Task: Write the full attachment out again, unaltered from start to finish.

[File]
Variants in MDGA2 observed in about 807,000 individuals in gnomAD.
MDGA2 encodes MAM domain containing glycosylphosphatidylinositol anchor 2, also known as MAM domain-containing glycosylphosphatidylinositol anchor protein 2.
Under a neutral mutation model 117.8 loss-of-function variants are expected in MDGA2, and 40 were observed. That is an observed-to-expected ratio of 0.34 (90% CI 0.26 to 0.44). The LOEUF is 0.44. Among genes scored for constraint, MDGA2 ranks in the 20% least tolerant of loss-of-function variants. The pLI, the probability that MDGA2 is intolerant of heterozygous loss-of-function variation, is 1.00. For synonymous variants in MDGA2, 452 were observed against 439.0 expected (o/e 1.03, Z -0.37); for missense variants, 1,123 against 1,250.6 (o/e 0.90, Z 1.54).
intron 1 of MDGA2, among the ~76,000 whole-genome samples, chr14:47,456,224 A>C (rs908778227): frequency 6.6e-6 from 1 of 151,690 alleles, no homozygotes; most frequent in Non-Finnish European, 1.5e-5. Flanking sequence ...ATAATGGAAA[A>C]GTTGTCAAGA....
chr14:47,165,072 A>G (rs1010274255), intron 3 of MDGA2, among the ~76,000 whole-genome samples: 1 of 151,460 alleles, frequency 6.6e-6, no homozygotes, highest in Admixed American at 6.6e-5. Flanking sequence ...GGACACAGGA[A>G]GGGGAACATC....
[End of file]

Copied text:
Variants in MDGA2 observed in about 807,000 individuals in gnomAD.
MDGA2 encodes MAM domain containing glycosylphosphatidylinositol anchor 2, also known as MAM domain-containing glycosylphosphatidylinositol anchor protein 2.
Under a neutral mutation model 117.8 loss-of-function variants are expected in MDGA2, and 40 were observed. That is an observed-to-expected ratio of 0.34 (90% CI 0.26 to 0.44). The LOEUF is 0.44. Among genes scored for constraint, MDGA2 ranks in the 20% least tolerant of loss-of-function variants. The pLI, the probability that MDGA2 is intolerant of heterozygous loss-of-function variation, is 1.00. For synonymous variants in MDGA2, 452 were observed against 439.0 expected (o/e 1.03, Z -0.37); for missense variants, 1,123 against 1,250.6 (o/e 0.90, Z 1.54).
intron 1 of MDGA2, among the ~76,000 whole-genome samples, chr14:47,456,224 A>C (rs908778227): frequency 6.6e-6 from 1 of 151,690 alleles, no homozygotes; most frequent in Non-Finnish European, 1.5e-5. Flanking sequence ...ATAATGGAAA[A>C]GTTGTCAAGA....
chr14:47,165,072 A>G (rs1010274255), intron 3 of MDGA2, among the ~76,000 whole-genome samples: 1 of 151,460 alleles, frequency 6.6e-6, no homozygotes, highest in Admixed American at 6.6e-5. Flanking sequence ...GGACACAGGA[A>G]GGGGAACATC....